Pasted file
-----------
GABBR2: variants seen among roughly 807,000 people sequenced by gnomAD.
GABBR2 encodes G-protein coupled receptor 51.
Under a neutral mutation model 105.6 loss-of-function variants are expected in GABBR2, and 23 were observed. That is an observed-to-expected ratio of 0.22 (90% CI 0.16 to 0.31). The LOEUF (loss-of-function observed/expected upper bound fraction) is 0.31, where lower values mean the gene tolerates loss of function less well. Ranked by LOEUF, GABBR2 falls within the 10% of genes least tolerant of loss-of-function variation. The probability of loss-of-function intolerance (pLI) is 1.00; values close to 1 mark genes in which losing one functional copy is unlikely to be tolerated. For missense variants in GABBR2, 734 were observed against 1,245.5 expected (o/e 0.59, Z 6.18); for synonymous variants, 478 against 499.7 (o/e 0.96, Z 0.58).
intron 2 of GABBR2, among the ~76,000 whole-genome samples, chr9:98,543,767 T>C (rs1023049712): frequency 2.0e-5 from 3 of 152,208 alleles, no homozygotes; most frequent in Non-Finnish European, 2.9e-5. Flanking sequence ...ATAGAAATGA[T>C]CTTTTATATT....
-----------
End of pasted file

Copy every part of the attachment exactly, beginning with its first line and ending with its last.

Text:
GABBR2: variants seen among roughly 807,000 people sequenced by gnomAD.
GABBR2 encodes G-protein coupled receptor 51.
Under a neutral mutation model 105.6 loss-of-function variants are expected in GABBR2, and 23 were observed. That is an observed-to-expected ratio of 0.22 (90% CI 0.16 to 0.31). The LOEUF (loss-of-function observed/expected upper bound fraction) is 0.31, where lower values mean the gene tolerates loss of function less well. Ranked by LOEUF, GABBR2 falls within the 10% of genes least tolerant of loss-of-function variation. The probability of loss-of-function intolerance (pLI) is 1.00; values close to 1 mark genes in which losing one functional copy is unlikely to be tolerated. For missense variants in GABBR2, 734 were observed against 1,245.5 expected (o/e 0.59, Z 6.18); for synonymous variants, 478 against 499.7 (o/e 0.96, Z 0.58).
intron 2 of GABBR2, among the ~76,000 whole-genome samples, chr9:98,543,767 T>C (rs1023049712): frequency 2.0e-5 from 3 of 152,208 alleles, no homozygotes; most frequent in Non-Finnish European, 2.9e-5. Flanking sequence ...ATAGAAATGA[T>C]CTTTTATATT....